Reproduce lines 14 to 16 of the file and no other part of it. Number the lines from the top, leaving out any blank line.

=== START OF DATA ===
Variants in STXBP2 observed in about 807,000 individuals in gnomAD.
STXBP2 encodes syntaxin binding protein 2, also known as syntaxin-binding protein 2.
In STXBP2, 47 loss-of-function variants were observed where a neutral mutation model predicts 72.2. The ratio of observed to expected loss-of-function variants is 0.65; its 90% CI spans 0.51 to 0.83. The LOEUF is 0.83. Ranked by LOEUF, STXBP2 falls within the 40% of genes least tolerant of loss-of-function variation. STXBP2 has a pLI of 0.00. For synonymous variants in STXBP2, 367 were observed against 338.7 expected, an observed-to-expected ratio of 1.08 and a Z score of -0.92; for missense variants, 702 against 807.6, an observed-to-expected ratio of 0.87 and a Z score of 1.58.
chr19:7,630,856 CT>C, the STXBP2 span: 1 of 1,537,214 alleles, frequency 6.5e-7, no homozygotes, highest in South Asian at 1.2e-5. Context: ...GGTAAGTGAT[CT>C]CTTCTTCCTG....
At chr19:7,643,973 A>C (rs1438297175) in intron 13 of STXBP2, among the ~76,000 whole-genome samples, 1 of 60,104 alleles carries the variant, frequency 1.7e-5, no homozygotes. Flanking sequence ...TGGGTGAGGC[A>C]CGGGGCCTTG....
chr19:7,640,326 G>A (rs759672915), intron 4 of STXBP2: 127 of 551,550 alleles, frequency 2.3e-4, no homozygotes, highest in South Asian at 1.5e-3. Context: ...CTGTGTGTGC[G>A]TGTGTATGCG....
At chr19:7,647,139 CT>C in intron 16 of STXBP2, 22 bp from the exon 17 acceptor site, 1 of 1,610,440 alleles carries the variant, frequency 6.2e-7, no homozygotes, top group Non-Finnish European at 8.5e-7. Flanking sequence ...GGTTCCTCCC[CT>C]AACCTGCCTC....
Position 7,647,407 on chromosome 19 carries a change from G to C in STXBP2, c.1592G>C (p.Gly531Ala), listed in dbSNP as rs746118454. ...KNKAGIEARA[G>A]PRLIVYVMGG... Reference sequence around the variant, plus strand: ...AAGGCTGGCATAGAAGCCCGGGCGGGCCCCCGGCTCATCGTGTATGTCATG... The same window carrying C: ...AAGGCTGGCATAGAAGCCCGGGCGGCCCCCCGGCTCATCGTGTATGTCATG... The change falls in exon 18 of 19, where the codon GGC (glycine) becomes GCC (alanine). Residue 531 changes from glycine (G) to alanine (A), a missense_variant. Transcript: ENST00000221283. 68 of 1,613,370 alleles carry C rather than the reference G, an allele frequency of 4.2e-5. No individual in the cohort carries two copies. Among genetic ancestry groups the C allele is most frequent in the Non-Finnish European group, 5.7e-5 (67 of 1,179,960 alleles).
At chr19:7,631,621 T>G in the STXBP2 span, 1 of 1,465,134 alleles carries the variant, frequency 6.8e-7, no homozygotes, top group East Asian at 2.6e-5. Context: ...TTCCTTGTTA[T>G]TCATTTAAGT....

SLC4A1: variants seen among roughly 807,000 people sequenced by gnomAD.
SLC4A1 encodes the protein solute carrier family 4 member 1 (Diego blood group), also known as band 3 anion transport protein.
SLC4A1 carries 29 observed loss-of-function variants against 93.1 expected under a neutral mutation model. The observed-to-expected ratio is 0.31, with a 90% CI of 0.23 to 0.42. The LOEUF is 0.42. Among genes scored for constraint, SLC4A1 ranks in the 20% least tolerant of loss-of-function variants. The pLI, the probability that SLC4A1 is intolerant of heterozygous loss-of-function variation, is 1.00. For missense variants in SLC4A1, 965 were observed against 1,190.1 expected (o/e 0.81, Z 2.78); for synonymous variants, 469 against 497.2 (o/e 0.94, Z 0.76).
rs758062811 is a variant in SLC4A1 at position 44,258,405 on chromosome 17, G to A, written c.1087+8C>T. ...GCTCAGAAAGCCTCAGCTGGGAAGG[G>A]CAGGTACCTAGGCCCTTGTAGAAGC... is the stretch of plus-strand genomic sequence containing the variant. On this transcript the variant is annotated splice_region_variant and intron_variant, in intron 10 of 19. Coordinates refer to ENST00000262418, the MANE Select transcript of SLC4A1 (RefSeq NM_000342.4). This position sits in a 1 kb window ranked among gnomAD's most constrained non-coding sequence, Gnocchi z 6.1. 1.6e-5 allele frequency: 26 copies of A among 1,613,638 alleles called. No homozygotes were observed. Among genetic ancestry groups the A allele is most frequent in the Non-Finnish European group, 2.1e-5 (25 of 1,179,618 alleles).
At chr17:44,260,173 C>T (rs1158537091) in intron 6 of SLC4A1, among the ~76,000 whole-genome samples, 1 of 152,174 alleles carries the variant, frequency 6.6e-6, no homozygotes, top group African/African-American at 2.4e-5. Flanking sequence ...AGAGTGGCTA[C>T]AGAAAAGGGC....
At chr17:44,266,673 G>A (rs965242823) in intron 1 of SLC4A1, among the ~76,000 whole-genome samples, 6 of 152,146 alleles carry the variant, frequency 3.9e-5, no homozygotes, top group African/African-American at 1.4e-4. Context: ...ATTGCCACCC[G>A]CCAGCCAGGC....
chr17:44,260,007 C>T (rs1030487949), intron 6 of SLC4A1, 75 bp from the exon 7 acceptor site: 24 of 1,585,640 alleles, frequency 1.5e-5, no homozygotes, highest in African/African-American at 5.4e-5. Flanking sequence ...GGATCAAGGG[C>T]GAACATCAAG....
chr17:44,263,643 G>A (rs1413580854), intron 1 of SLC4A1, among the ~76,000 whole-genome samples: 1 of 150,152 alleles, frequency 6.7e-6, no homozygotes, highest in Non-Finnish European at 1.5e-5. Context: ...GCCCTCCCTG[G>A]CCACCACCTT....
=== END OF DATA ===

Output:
At chr17:44,260,173 C>T (rs1158537091) in intron 6 of SLC4A1, among the ~76,000 whole-genome samples, 1 of 152,174 alleles carries the variant, frequency 6.6e-6, no homozygotes, top group African/African-American at 2.4e-5. Flanking sequence ...AGAGTGGCTA[C>T]AGAAAAGGGC....
At chr17:44,266,673 G>A (rs965242823) in intron 1 of SLC4A1, among the ~76,000 whole-genome samples, 6 of 152,146 alleles carry the variant, frequency 3.9e-5, no homozygotes, top group African/African-American at 1.4e-4. Context: ...ATTGCCACCC[G>A]CCAGCCAGGC....
chr17:44,260,007 C>T (rs1030487949), intron 6 of SLC4A1, 75 bp from the exon 7 acceptor site: 24 of 1,585,640 alleles, frequency 1.5e-5, no homozygotes, highest in African/African-American at 5.4e-5. Flanking sequence ...GGATCAAGGG[C>T]GAACATCAAG....